The Boys Who Cry Wolf

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The AFC U22 Championship is not usually where I would find inspiration for the things I write but an incident in the quarter final between South Korea and Syria was sufficient in prompting me into writing about something that more than a niggles. In this instance, with South Korea comfortably leading 2-0 they followed popular convention and kicked the ball out of play so treatment could be given to an injured Syrian midfielder. Syria, however, never got the memo and from the resulting throw in proceeded to score an ultimately meaningless goal in their sides 2-1 defeat in Oman.

It’s not the first time it’s happened, think back to 1999 and that infamous moment when Arsenal striker Kanu, galloping forward in a way that only he could, passed a ball through to Marc Overmars to score the winning goal in an FA Cup tie against Sheffield United. There was such an uproar that Arsene Wenger felt obliged to offer a replay which Arsenal duly won, would he have been so generous had it been against Manchester United, we’ll never know. There is countless other examples, including that of Luiz Adriano, who after scoring for Shakhtar Donetsk against Nordsjaelland in the Champions League from what should have been uncontested dropped ball, found himself handed a one game suspension for unsportsmanlike conduct.

This issue continues to evolve, highlighted most recently in a game featuring Arsenal once again. With 20 minutes to go and the scores level Arsenal were on the attack with Chelsea midfielder Ramires down in the centre circle, the ball was at the feet of Aaron Ramsey who, clearly unsure what to do, decided to kick the ball out. A decision that brought a handshake from opposition midfielder Frank Lampard but raised the ire of Olivier Giroud and a number of his teammates who believed Ramsey had thrown away a potential advantage in one of the biggest games of the season. Was Ramsey right to do what he did? And to that matter is it right that it should fall into the hands of the players to make that decision?

Well I think the answer should be a resounding no, in today’s footballing climate where going down injured is employed more as a tactic to break up play and time waste as opposed to the occurence of an actual injury. Why should a player place his trust in the fact that another player is not ‘at it’ for want of a better term. We’ve seen it hundred’s of times before, a player goes down, the ball gets played out and minutes later the he is running about at the peak of his powers without a physio even entering the field of play. It’s frustrating to watch and I’d imagine equally frustrating to play alongside as well.

Perhaps the referee should intervene, they already have the right to stop the game for a head injury why not expand that remit to include any injury that they see worthy of a stop in play? Surely a better idea than player intervention but on deeper contemplation still subject to the same fundamental flaws that are a result of a member of either team kicking the ball out of play. Well, except in this situation there is the added pantomime of the player being guided off the pitch only to be waved back on seconds later whenever it takes the official’s fancy.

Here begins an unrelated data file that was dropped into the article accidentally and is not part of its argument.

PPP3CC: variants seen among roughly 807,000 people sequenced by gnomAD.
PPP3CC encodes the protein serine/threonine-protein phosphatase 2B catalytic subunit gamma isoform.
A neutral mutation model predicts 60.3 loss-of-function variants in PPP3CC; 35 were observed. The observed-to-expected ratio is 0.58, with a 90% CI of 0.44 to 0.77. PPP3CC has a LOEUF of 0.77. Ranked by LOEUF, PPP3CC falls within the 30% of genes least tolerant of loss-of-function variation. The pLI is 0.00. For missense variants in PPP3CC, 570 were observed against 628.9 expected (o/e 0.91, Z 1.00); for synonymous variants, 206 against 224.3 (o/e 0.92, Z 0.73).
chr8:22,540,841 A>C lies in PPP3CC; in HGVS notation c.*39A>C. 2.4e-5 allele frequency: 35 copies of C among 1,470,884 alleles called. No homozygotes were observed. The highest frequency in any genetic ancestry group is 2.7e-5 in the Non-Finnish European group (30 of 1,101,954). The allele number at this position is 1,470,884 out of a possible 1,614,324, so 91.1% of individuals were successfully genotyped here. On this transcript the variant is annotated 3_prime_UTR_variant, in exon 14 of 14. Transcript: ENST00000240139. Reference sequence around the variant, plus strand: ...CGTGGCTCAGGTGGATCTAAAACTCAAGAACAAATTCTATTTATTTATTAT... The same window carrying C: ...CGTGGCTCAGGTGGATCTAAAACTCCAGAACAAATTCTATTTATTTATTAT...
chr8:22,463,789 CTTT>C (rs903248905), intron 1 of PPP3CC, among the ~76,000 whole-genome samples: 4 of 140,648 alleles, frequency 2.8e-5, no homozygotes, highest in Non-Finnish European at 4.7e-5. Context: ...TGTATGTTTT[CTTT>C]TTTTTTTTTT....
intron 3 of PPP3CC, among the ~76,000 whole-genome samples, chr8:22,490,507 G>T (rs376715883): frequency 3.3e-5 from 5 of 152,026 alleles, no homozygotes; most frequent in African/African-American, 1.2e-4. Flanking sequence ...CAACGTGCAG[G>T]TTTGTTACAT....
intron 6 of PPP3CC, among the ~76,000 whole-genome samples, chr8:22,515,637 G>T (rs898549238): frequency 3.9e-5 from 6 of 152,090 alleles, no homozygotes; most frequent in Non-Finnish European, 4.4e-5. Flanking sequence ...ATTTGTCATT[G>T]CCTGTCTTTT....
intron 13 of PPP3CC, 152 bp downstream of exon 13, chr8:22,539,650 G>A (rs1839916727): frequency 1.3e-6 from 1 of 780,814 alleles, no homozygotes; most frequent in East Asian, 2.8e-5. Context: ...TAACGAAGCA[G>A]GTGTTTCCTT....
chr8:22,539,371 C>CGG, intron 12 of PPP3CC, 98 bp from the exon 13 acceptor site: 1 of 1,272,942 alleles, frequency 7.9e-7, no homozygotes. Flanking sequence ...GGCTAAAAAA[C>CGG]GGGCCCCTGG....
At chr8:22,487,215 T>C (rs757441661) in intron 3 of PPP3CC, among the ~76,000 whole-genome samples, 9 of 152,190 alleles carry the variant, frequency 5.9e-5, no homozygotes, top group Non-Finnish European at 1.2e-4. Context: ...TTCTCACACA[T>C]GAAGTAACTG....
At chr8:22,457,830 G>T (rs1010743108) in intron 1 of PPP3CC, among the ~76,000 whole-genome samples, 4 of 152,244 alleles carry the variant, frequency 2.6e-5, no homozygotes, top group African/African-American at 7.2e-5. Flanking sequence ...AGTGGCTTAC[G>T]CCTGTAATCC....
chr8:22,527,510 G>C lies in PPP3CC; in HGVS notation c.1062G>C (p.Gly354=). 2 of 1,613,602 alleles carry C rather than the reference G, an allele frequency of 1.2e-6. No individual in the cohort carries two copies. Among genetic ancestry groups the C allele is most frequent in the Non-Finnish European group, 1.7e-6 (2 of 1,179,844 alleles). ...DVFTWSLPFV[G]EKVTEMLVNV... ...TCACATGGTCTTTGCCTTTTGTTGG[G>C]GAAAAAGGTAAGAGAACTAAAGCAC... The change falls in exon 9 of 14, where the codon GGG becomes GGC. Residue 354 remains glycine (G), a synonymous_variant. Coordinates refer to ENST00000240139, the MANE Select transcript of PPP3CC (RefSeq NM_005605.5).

Then there’s the third option, we don’t stop play at all. I’m not a heartless man, I’m just a man who is fed up of games being interrupted because a player who has got a blade of grass stuck up his nostril is dealt with in the same manner as a player who has torn a ligament or broken a bone. Now generally I’m not an advocate of rules of other sports being transferable to football. I think the addition of a video referee would be a step too far, taking away some of the controversy that we as football fans thrive on, and that sin-binning in a football context would not be as effective as a deterrent as it is in ice hockey and rugby. With that said the method in which players are treated during a game of rugby could and should be implemented in the football matches of today.

For those unfamiliar of the procedure when a player goes down but the game continues and a physio comes on to the field of play to administer treatment when and where required. If the injury is serious then a communication is made to advise of such and the game is stopped.

None of these actions require new technology, they would reduce gamesmanship and time wasting, stop the needless to and fro from the touchline of players and, in theory, as an action it is instantly implementable. I say ‘in theory’ as there would still be a bit of working out to do in relation to such a change. For example if a player is being treated on the field of play do they become inactive? I would suggest they would, meaning that if a defender is lying stricken they can’t play an opponent onside whist at the other end a striker can’t resurrect themselves suddenly whilst realising that they are clean through on goal.

As a resolution it’s not perfect, a first draft of any proposal is testament to that. When a foul is given and there is a natural stop in play then bring the physio on and let treatment be given but don’t then make the victim of the foul traipse off the pitch because you made someone else who was chancing his arm fifteen minutes earlier do the same thing. Like many things in football the best resolutions involve the mythical concept of common sense but until such time arrives in that the myth becomes a reality I think those with the ability to do so should empower themselves to ensure that yet another one of football’s more annoying foibles doesn’t continue to blight the game that we love.